Sunday, July 19, 2009
By Lexiann Grant
When you think of essential minerals your dog requires in his diet, calcium probably comes to mind first.
Because bones and teeth are formed and maintained with calcium, the body requires this nutrient in greater quantity than any other dietary mineral. Calcium is also critical in nerve impulse transmission, contraction of muscles and heart rhythm regulation.
Excess calcium causes numerous health problems, including kidney disease and some urinary stones. Parathyroid hormones influenced by dietary calcium levels, can disrupt dynamics in the gastrointestinal tract.
Feeding insufficient calcium also undermines health. Puppies may have poor bone growth and inadequate dental development. Bones in deficient adults can soften or fracture, and tooth loss or accelerated tooth decay occur.
Because of this, some owners feel their dog or puppy – particularly if he is a large breed – should be given extra calcium. But too much calcium can have the opposite effect: excess calcium can slow bone and cartilage development, even stunt growth.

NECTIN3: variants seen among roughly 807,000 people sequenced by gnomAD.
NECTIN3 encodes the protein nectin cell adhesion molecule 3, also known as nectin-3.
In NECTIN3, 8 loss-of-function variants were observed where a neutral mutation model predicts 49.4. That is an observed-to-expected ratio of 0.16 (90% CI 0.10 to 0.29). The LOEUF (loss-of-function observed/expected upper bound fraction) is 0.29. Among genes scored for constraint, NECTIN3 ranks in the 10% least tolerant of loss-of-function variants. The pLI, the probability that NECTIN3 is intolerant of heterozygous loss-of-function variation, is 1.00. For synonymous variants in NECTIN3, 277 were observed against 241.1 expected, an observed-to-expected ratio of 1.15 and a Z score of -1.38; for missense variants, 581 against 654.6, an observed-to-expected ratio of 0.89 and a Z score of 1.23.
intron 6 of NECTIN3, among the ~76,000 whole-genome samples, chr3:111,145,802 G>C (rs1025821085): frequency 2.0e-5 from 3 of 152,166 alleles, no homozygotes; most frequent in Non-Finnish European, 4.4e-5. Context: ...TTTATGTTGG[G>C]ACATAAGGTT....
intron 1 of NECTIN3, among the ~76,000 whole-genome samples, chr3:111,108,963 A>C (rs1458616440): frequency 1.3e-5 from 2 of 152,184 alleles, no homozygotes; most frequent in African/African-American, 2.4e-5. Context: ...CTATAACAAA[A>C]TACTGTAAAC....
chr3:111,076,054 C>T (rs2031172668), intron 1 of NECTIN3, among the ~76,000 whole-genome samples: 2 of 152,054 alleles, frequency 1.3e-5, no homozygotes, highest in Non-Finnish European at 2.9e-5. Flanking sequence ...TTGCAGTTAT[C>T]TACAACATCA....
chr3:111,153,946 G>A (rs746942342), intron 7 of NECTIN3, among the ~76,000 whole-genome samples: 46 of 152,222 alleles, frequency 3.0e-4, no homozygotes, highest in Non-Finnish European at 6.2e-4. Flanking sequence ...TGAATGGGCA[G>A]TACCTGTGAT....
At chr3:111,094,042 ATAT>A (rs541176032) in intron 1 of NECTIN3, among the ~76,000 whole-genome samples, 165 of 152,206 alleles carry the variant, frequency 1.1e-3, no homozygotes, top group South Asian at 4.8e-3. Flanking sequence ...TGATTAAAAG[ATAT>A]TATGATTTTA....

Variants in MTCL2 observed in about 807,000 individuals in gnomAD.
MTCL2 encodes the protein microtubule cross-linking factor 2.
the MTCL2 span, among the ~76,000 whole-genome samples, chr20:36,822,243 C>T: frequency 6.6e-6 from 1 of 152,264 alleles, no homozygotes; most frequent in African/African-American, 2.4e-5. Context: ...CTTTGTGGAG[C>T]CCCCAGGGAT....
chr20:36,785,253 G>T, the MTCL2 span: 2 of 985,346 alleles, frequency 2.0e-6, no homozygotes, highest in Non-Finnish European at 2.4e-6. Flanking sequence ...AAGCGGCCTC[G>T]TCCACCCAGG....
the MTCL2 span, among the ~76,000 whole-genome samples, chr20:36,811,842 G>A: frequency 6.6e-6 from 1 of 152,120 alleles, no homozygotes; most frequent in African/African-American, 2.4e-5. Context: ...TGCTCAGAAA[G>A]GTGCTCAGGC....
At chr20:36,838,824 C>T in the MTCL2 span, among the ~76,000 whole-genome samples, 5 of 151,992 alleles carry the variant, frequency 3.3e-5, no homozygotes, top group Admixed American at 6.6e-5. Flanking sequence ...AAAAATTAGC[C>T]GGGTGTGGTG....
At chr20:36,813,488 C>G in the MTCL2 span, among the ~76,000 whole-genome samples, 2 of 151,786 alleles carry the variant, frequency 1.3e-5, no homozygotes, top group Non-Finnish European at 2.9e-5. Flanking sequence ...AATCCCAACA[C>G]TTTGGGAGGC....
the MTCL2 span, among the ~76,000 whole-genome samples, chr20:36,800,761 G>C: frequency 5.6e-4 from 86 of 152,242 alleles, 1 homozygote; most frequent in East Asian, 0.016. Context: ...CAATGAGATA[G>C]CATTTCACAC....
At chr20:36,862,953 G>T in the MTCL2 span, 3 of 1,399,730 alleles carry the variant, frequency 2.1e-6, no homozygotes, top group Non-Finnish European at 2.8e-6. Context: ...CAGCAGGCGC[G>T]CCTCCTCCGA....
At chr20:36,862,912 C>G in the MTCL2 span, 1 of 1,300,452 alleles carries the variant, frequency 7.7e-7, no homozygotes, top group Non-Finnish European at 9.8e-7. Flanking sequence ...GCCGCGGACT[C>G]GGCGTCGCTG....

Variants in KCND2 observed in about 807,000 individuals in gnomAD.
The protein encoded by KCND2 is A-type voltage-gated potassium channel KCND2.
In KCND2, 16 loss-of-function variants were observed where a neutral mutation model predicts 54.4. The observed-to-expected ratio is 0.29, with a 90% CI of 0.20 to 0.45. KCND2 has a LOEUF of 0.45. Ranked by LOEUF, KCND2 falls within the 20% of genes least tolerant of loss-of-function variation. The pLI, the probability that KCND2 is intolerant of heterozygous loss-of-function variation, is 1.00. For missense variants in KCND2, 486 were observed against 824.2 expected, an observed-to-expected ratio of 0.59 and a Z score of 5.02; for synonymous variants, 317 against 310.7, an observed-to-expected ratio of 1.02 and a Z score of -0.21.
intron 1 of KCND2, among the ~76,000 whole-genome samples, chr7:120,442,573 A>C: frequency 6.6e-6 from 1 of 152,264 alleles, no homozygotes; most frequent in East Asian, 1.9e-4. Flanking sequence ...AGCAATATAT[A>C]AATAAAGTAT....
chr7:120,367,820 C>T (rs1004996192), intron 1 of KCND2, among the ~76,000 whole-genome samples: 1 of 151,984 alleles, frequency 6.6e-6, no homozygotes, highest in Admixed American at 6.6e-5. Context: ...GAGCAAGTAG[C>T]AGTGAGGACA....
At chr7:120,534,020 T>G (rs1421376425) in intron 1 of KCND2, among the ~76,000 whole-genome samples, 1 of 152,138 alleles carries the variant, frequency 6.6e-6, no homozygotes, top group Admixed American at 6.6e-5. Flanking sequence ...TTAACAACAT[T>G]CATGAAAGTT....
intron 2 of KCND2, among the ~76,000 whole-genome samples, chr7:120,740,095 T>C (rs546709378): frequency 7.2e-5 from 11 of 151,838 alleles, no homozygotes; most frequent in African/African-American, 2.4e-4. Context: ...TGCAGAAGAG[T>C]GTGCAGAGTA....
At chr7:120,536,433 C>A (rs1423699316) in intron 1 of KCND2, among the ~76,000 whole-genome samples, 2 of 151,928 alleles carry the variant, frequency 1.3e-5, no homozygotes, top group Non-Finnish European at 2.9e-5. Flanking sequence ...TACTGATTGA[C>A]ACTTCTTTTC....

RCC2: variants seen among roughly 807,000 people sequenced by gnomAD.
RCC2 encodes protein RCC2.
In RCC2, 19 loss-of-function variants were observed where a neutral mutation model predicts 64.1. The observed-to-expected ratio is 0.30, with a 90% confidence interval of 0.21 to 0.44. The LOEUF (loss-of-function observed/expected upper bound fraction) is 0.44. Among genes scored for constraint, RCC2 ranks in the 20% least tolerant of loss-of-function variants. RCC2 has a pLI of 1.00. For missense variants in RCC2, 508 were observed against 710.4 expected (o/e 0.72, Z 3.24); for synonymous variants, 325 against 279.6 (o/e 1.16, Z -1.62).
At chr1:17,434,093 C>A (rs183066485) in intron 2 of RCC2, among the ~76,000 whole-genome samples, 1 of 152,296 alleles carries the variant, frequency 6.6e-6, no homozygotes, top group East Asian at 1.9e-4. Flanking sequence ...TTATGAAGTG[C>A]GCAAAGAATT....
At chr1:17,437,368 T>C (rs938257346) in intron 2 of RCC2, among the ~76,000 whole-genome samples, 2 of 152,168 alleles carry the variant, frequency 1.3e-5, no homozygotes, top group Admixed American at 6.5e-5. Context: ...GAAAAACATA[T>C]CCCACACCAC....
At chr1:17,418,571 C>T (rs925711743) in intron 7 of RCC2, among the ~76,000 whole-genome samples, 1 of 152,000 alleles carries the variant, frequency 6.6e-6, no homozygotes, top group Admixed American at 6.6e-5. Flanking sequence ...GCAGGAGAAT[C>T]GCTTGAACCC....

One Cornell University study found an increased incidence of skeletal problems including hypertrophic osteodystrophy (HOD), osteochondritis dissecans or osteochondrosis (OCD) and hip dysplasia when dietary calcium was excessive.
In HOD part of the bone over-grows causing pain, fever, enlarged joints, and possibly hunched spine or bowed legs. With OCD, fluid accumulates in affected joints or connective tissue separates resulting in inflammation and pain. By the time symptoms of lameness, pain, or swelling are present, the damage is done.
Young pups fed certain commercial foods, and dogs eating homemade diets, may not be getting enough calcium. Table foods naturally high in calcium, such as broccoli or dairy products, can increase levels.
Balanced dog foods like CANIDAE® All Life Stages supply the correct amount of calcium without guessing. This amount is based on AAFCO (American Association of Feed Control Officials) and National Research Council guidelines. Formulas are tested to assure nutritional adequacy.
The minimum requirement is 1.0% and the maximum is 2.5% for a dry product basis. Growth formulas average 1.6% with maintenance formulas around 1.4%.
Calcium must also be balanced against phosphorous intake. The ideal range recommended by AAFCO is between 1-to-1 and 2-to-1 parts calcium to phosphorous. With improper ratios, phosphorous and zinc levels may become deficient.
Check with the manufacturer for calcium levels and ratios in your dog’s food. Nutritional information is usually available online as well. Your veterinarian can advise you if your dog or puppy requires extra calcium, but healthy dogs on a balanced, premium food shouldn’t need supplementation.
Read more articles by Lexiann Grant